Germinal Quotes and Analysis

And on each journey Etienne found again at the bottom the stuffiness of the cutting, the hollow and broken cadence of the axes, the deep painful sighs of the pikemen persisting in their work. All four were naked, mixed up wit the coal, soaked with black mud up to the cap.

p. 41

Zola’s naturalism provides a riveting and vivid picture of miner working conditions throughout the novel. The raw nakedness of his descriptions proves to be quite uncomfortable for the reader at times, but it would not be preposterous to assume that the naturalist currents running through the book were repulsive and even ungodly to the British or French elites that owned and benefited from coal mining. The realities portrayed in the book, while fictional, are at once both richly illustrative and provocative. The “deep painful sighs” of the pikemen conveys a sense of not only the hard labor they partake in but, in some sense, a feeling of damnation and passive, accepted discontent. These initial exposures to the niceties of the mine provide Etienne with the preliminary exposure to eventually organize resistance.

The mine never rested; day and night human insects were digging out the rock six hundred meters below the beetroot fields.

p. 60

By anthropomorphizing the mine and analogizing it to a monster that never rests nor is satiated by the loss of human life sacrificed in the name of profiteering, Zola conveys a heightened sense of fear and urgency. The mine is metonymic of human greed as much as it is a product of it. The workers are likened to insects, a comparison that implies the disposability and inconsequential status of each worker (as opposed to the far more fearsome status of the workers as a collective). These insects, deep beneath the earth, work tirelessly for a nebulous, cruel god that lives above ground, a god that they do not understand. Their only task is to attend to the “what” and the “how” of the mine – not the “why.” For if they did attend to the “why” (which Etienne does at one point), they would longer be insects. They would become sentient, intelligent beings.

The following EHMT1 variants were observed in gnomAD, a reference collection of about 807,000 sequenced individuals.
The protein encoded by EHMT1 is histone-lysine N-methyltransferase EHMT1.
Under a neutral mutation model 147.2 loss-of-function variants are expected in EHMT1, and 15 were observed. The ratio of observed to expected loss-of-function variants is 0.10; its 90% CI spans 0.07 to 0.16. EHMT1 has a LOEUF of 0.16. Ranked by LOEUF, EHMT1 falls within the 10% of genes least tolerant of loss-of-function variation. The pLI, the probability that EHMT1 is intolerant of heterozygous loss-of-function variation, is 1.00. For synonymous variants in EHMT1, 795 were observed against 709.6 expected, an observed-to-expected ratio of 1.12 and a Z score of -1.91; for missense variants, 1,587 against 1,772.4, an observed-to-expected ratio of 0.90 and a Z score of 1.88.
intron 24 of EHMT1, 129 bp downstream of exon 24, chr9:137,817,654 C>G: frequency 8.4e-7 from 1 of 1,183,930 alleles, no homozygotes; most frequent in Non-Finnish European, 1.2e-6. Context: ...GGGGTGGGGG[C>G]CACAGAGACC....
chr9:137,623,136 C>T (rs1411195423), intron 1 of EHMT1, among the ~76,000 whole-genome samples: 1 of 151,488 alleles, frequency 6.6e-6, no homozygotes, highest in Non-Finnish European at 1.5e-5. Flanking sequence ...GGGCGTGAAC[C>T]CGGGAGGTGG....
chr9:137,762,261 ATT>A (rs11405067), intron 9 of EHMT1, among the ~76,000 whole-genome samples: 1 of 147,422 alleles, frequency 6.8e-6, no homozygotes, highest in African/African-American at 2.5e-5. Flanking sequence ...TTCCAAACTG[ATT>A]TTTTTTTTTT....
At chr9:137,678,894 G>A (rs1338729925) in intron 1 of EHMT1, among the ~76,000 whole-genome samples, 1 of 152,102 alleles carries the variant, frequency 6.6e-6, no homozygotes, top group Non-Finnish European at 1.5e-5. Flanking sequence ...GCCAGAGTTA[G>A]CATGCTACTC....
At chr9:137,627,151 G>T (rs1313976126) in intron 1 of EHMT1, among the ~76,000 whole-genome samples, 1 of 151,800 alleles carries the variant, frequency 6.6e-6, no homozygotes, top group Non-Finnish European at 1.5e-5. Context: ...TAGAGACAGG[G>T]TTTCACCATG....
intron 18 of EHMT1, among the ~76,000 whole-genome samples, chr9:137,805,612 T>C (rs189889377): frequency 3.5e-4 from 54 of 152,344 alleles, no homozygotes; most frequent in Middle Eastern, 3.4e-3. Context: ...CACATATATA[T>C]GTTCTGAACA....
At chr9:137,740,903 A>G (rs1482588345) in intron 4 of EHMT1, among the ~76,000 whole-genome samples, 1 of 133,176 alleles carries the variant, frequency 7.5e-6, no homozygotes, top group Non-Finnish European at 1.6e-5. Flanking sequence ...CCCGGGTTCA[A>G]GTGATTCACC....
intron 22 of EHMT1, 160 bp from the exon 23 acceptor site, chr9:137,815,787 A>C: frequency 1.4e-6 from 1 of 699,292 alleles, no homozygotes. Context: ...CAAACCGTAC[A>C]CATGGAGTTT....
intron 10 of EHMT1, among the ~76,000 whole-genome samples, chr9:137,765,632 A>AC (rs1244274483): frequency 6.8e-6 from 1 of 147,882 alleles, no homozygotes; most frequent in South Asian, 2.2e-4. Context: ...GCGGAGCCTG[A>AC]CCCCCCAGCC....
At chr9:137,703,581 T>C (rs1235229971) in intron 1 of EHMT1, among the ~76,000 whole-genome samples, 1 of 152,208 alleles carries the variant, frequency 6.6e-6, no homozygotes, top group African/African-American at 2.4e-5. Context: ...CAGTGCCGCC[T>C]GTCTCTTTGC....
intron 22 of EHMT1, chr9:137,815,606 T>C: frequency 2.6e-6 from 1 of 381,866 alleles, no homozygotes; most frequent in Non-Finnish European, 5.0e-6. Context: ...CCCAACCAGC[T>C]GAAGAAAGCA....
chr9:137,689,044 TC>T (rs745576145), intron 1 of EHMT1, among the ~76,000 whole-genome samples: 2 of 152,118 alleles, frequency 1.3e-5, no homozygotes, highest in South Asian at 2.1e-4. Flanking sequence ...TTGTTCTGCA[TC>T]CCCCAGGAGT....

Perhaps, rather, it was the wind of revolt which came from the Voreux. He did not know, but he wished to go down again to the mine, to suffer and to fight. And he thought fiercely of those people Bonnemort had talked of, the crouching and sated god, to whom ten thousand starving men gave their flesh without knowing it.

p. 66

This moment of realization, of wanting to go back into the pit, comes at the cusp of Etienne’s arrival at Rasseneur’s tavern. All that needed to be said was, ironically, not expressed by a worker, but by the winder of the Voreux itself. Zola connects the various elements of the pit to the resistance. In this way, while the pit can be seen as unforgiving, because “ten thousand starving men” give their flesh to it, it also has traces of resistance. There are parts of the pit’s complex nature that are not altogether aligned with the merciless project of engulfing workers. It is precisely those elements – Zola mentions the wind in particular – that give Etienne an impetus. Nature and man work together to resist nature and man. Both have within themselves undesirable, cruel components that have gained too much power.

You may cry out as much as you like against the rich, you haven’t got courage enough to give back to the poor the money that luck brings you. You will never be worthy of happiness as long as you have anything of your own, and your hatred of the bourgeois only comes of your mad desire to be bourgeois in their place.

Souvarine, p. 370